North Korea Defends Its “Righteous Right” To Test Weapons

North Korea

North Korea fired a short-ranged missile into the sea in the early hours of this morning, with Pyongyang’s UN ambassador insisting on its undeniable right to test weapons. According to the South’s Joint Chiefs of Staff, the missile launched from the mountainous, northern Jagang province at about 6:40am local time, towards the North’s eastern sea.

Details of the launch were being analysed by South Korean and US authorities. Although, Japanese Prime Minister, Yoshihide Suga said North Korea fired “what could be a ballistic missile”, with his government stepping up its vigilance and surveillance.

The latest launch is the third of its kind this month, following Pyongyang’s testing of a “strategic” cruise missile and two railway-borne ballistic missiles. Under sanctions imposed by the United Nations, North Korea is banned from conducting ballistic missile tests as a result of its nuclear-armed weapons programme.

The launch has been condemned at the emergency National Security Council meeting, with the South Korean government expressing regret at the actions “at a time when political stability on the Korean Peninsula is very critical”.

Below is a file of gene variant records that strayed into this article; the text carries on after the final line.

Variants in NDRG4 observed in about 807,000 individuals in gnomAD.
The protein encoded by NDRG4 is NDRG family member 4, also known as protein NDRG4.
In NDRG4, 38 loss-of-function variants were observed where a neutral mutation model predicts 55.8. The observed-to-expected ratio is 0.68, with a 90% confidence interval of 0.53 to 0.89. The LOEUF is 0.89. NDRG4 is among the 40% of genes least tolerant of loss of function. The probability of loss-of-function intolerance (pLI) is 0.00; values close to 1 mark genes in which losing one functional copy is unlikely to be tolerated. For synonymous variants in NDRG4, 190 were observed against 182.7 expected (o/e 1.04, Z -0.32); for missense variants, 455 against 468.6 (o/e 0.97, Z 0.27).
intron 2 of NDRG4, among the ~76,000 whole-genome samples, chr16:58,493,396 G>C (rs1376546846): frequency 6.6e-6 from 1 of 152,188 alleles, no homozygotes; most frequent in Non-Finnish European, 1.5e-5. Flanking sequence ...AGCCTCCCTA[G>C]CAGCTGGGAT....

The US State Department has also condemned the launch, urging Pyongyang to open up a dialogue. In a statement, the Department calls the launch a “violation of multiple UN Security Council Resolutions”, posing a threat to Democratic People’s Republic of Korea’s neighbours and the international community.

The missile launch had taken place in less than an hour before North Korea’s UN envoy, Kim Song addressed the United Nations. Kim informed those in attendance of Pyongyang’s “righteous right to self-defence” and explains that it is merely “building up our national defence in order to defend ourselves and reliably safeguard the security and peace of the country”.

Kim notes that 30,000 US troops have been stationed in the South and that there had been no formal treaty to end the Korean War. North Korea’s 1950 invasion of the South came to an end in 1953 with an armistice agreed between the two countries. However, tensions remain within the two countries as they technically still remain in a state of conflict.

In his speech, Kim told the UN that North Korea would “respond willingly at any time” if the US relinquishes its hostility. However, it is their judgement “that there is no prospect at the present stage for the US to really withdraw its hostile policy”.